The first artist to be confirmed as part of Emma Ruth Rundle’s curated event is HIDE. An uncompromising duo who have a message that alone deserves to be heard, but the accompanying pulse of grit-flecked industro-slickness is what makes HIDE an essential booking for Roadburn. Demonstrating that heavy music doesn’t need a guitar to be crushing, HIDE are dragging ‘heaviness’, kicking and screaming, in their wake.
Emma commented: “I’m very happy to announce HIDE as the first band in my curation. No one else is touching on all the subjects that really twist the blade in my being the way they can. Their work is brutal, visceral, painful and poignant in all ways. From their videos, albums, lyrics, uniquely sourced samples and undeniably intense live performance- HIDE not only transcend – they absolutely destroy.”

JAMES KENT’S CURATED EVENT

BOY HARSHER

Boy Harsher’s minimal synths, beats and fuzzed up vocals have been in our eyeline for a while now – and we’re thrilled that our intentions line up with those of our curator.

He comments: “Boy Harsher brings a kind of visceral darkness through their minimal electronic beats that is extremely fascinating. The whispering-like vocals mixed with detuned-synths and old drum machines always felt to me like an invitation to a forbidden yet alluring world.”

HEALTH

HEALTH has plenty of sharp edges; jagged, pixelated, and raw. The complex layers of synths and samples coagulate into a hypnotic, pulsating mass – perfect for those who find comfort in the claustrophobic confines of noise and synthwave.

James comments: “Health are amongst my favorite acts out there at the moment. Their unique sound blending heavy electronics, pop vocals and aggressive noise will make for a perfect addition to the festival.”

SHE PAST AWAY

As part of James Kent’s curation for Roadburn 2020, we are thrilled to announce that modern Turkish darkwave legends She Past Away will be joining us to share this year’s Disko Anksiyete in its entirety. Over the course of their prior albums, the band built a strong identity rooted in genre classics yet carving its own path rather than merely following in the same well trodden gothic footsteps.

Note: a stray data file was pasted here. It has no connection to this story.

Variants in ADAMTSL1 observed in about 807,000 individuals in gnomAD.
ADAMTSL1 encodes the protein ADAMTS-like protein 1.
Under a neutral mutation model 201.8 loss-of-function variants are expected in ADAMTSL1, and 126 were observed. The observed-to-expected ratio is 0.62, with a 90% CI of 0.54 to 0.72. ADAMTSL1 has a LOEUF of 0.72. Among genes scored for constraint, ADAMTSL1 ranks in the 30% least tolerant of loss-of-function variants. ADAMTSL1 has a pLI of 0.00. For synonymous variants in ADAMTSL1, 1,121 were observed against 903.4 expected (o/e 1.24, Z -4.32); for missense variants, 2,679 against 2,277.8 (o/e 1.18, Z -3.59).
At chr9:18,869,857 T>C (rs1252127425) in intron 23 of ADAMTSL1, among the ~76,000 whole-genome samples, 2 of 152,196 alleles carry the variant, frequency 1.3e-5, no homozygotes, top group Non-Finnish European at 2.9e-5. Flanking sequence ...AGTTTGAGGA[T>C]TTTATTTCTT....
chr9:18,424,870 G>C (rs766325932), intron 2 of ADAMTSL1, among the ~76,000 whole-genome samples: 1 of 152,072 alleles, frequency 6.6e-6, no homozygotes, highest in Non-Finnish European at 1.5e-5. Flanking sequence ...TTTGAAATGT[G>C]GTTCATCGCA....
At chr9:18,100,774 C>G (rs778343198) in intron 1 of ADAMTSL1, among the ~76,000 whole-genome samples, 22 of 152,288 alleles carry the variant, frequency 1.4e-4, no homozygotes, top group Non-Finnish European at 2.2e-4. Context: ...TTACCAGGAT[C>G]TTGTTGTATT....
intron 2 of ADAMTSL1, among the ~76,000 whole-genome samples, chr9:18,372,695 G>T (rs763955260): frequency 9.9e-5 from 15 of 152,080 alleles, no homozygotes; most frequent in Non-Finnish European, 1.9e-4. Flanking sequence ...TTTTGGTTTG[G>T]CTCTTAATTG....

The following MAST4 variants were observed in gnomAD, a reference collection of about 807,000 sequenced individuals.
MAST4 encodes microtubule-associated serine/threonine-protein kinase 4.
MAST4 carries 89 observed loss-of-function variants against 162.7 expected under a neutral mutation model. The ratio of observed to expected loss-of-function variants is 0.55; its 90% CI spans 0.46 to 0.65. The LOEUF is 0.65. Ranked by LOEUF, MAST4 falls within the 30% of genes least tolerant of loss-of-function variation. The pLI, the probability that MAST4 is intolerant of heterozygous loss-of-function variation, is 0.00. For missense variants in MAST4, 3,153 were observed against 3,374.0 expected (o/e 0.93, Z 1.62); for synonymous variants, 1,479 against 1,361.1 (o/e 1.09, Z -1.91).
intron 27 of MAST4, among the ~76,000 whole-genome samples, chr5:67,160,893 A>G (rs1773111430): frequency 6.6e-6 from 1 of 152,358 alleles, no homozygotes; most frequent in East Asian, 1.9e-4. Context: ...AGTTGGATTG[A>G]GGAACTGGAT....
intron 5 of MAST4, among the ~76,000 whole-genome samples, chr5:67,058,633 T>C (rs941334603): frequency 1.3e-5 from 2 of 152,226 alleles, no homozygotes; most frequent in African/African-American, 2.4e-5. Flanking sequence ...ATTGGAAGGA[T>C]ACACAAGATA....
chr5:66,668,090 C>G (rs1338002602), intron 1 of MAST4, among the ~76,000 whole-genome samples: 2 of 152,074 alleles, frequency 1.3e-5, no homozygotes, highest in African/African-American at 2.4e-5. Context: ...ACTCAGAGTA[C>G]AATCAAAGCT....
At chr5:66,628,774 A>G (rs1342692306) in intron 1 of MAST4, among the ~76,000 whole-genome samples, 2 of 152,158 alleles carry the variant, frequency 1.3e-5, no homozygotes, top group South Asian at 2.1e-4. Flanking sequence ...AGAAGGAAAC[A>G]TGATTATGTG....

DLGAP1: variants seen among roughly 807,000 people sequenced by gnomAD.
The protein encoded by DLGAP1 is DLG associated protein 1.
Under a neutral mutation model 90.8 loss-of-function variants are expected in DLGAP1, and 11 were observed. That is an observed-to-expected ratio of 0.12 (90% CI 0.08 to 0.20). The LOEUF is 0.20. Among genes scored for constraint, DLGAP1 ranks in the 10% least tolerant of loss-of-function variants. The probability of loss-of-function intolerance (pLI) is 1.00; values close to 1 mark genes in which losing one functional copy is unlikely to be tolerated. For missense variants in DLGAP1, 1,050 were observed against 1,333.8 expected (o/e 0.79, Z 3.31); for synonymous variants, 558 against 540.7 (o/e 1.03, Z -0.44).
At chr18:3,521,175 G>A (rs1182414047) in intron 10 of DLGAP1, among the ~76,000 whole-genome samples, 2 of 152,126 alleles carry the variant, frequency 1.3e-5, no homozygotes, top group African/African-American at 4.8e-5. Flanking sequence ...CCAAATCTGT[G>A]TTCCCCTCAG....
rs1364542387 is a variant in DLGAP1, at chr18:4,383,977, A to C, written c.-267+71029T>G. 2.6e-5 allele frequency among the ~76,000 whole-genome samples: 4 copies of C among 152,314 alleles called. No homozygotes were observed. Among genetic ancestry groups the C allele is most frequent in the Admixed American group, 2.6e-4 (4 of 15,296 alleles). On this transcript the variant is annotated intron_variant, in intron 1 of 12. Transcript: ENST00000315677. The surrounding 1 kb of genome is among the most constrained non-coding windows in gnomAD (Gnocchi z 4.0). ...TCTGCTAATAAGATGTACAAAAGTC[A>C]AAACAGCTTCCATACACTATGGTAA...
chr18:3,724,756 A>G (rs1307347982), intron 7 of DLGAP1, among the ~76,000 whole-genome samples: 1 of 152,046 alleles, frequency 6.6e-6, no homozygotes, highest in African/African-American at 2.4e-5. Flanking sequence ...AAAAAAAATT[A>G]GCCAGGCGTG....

Also announced…

DOOL

As the band gear up for the release of their as-yet-unnamed second album, we’re thrilled to announce that Dool will be premiering their new material at Roadburn next year. We may have to wait a little longer for the juicy details of the release, but much like it was in 2016 when they first debuted at Roadburn, our faith in them delivering the goods is unwavering.

BADA

BADA is another vessel for the Gothenburg-based musicians Anna Von Hausswolff, David Sabel, Gianluca Grasselli, Filip Leyman and Hannes Nilsson (some of whom also perform as part of Anna Von Hausswolff’s solo project) to channel their creativity.
BADA’s output is a cinematic drone – sliced through with abrasive noise passages and ominous darkness. Fans of Dead Magic might have to adjust their receivers to be able to detect the Anna they’re most familiar with, but through the layers of static something special will still shine through.

ACID ROOSTER

Though Acid Rooster have flown their freak flag high for many moons, the band only released their impressive S/T debut very recently. And not to exaggerate — Acid Rooster is one of the best contemporary psych records around, hence inviting them for Roadburn 2020.

ROADBURN 2020 TICKETS

Tickets to Roadburn 2020 will go on sale on Tuesday, September 24. More details will be made available in the coming weeks.

Already announced for Roadburn 2020 is: Emma Ruth Rundle and James Kent as curators, commissioned projects from James Kent & Johannes Persson, Jo Quail, and Vile Creature & Bismuth, and the return of Julie Christmas.

https://www.facebook.com/events/1081424195382564/
https://www.facebook.com/roadburnfestival/
http://www.instagram.com/roadburnfest
http://www.roadburn.com

Acid Rooster, Acid Rooster (2019)

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Roadburn 2020 Makes First Announcement with Curators, Commissioned Pieces and Lineup Confirmations

Posted in Whathaveyou on August 20th, 2019 by JJ Koczan

roadburn 2020 banner

History has shown that Roadburn has never been shy about taking chances and embarking on a creative progression, and Roadburn 2020 certainly seems to follow suit. Confirmed as curators are Emma Ruth Rundle and Perturbator‘s James Kent, who will no doubt each bring something very different to expand the festival’s already spectrum-encompassing sonic palette, and there will be three commissioned projects, one involving Kent, another Jo Quail and still another a collaboration between Bismuth and Vile Creature. Sounds pretty “out there?” Well, “out there” is what Roadburn does at this point, becoming the place whereby the new normal is established and promulgated while the rest of us try to keep up.

This is the first announcement and there will for sure be plenty more to come. Roadburn unveiled its gorgeous poster art last week — I friggin’ love it — and promise a year that will challenge convention and continue to push into new territory of and beyond what “heavy” means and can accomplish. I wouldn’t have it any other way.

Tickets on sale next month. Here’s word from the PR wire:

roadburn 2020 poster

Roadburn Festival 2020 – Curators, Commissioned Projects & More

– For the first time, Roadburn Festival will have two separate curators